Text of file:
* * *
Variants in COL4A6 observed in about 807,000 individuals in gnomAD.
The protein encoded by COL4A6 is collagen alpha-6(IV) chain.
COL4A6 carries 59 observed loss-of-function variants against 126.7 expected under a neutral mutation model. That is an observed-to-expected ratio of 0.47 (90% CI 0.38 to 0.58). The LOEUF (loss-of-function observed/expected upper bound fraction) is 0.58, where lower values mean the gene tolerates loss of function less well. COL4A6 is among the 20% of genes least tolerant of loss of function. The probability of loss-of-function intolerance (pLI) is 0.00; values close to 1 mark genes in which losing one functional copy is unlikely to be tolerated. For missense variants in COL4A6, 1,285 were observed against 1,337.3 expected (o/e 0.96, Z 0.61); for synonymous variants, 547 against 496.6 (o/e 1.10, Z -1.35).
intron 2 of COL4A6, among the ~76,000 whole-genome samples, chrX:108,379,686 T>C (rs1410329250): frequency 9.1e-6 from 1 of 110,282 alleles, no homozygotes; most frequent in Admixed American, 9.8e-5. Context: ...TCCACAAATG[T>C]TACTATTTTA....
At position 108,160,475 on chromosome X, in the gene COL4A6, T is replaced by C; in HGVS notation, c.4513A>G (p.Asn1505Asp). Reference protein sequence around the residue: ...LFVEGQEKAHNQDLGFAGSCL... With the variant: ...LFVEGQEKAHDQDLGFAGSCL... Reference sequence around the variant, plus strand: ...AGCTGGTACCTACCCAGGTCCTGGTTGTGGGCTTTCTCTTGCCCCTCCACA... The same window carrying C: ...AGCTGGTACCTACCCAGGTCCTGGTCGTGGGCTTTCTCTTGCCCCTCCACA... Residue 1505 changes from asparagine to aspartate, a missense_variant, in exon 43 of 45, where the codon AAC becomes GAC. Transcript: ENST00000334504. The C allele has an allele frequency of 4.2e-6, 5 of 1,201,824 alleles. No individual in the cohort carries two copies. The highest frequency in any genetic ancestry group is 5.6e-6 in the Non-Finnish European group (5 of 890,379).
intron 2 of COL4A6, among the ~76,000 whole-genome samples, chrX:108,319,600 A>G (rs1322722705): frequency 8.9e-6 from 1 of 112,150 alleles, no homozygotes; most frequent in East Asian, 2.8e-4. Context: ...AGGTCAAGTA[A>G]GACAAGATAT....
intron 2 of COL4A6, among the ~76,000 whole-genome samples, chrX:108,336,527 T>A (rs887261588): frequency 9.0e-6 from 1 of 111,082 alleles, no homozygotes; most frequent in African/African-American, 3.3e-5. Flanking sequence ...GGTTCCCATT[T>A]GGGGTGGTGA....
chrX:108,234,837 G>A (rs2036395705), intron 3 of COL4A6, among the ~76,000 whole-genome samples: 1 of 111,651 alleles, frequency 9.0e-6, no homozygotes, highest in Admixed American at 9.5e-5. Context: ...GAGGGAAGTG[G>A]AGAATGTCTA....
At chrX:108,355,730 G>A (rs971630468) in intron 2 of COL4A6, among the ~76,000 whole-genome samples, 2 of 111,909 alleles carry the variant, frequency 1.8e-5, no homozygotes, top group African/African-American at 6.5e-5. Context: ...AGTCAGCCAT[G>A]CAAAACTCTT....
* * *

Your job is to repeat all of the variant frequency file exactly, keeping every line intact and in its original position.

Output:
Variants in COL4A6 observed in about 807,000 individuals in gnomAD.
The protein encoded by COL4A6 is collagen alpha-6(IV) chain.
COL4A6 carries 59 observed loss-of-function variants against 126.7 expected under a neutral mutation model. That is an observed-to-expected ratio of 0.47 (90% CI 0.38 to 0.58). The LOEUF (loss-of-function observed/expected upper bound fraction) is 0.58, where lower values mean the gene tolerates loss of function less well. COL4A6 is among the 20% of genes least tolerant of loss of function. The probability of loss-of-function intolerance (pLI) is 0.00; values close to 1 mark genes in which losing one functional copy is unlikely to be tolerated. For missense variants in COL4A6, 1,285 were observed against 1,337.3 expected (o/e 0.96, Z 0.61); for synonymous variants, 547 against 496.6 (o/e 1.10, Z -1.35).
intron 2 of COL4A6, among the ~76,000 whole-genome samples, chrX:108,379,686 T>C (rs1410329250): frequency 9.1e-6 from 1 of 110,282 alleles, no homozygotes; most frequent in Admixed American, 9.8e-5. Context: ...TCCACAAATG[T>C]TACTATTTTA....
At position 108,160,475 on chromosome X, in the gene COL4A6, T is replaced by C; in HGVS notation, c.4513A>G (p.Asn1505Asp). Reference protein sequence around the residue: ...LFVEGQEKAHNQDLGFAGSCL... With the variant: ...LFVEGQEKAHDQDLGFAGSCL... Reference sequence around the variant, plus strand: ...AGCTGGTACCTACCCAGGTCCTGGTTGTGGGCTTTCTCTTGCCCCTCCACA... The same window carrying C: ...AGCTGGTACCTACCCAGGTCCTGGTCGTGGGCTTTCTCTTGCCCCTCCACA... Residue 1505 changes from asparagine to aspartate, a missense_variant, in exon 43 of 45, where the codon AAC becomes GAC. Transcript: ENST00000334504. The C allele has an allele frequency of 4.2e-6, 5 of 1,201,824 alleles. No individual in the cohort carries two copies. The highest frequency in any genetic ancestry group is 5.6e-6 in the Non-Finnish European group (5 of 890,379).
intron 2 of COL4A6, among the ~76,000 whole-genome samples, chrX:108,319,600 A>G (rs1322722705): frequency 8.9e-6 from 1 of 112,150 alleles, no homozygotes; most frequent in East Asian, 2.8e-4. Context: ...AGGTCAAGTA[A>G]GACAAGATAT....
intron 2 of COL4A6, among the ~76,000 whole-genome samples, chrX:108,336,527 T>A (rs887261588): frequency 9.0e-6 from 1 of 111,082 alleles, no homozygotes; most frequent in African/African-American, 3.3e-5. Flanking sequence ...GGTTCCCATT[T>A]GGGGTGGTGA....
chrX:108,234,837 G>A (rs2036395705), intron 3 of COL4A6, among the ~76,000 whole-genome samples: 1 of 111,651 alleles, frequency 9.0e-6, no homozygotes, highest in Admixed American at 9.5e-5. Context: ...GAGGGAAGTG[G>A]AGAATGTCTA....
At chrX:108,355,730 G>A (rs971630468) in intron 2 of COL4A6, among the ~76,000 whole-genome samples, 2 of 111,909 alleles carry the variant, frequency 1.8e-5, no homozygotes, top group African/African-American at 6.5e-5. Context: ...AGTCAGCCAT[G>A]CAAAACTCTT....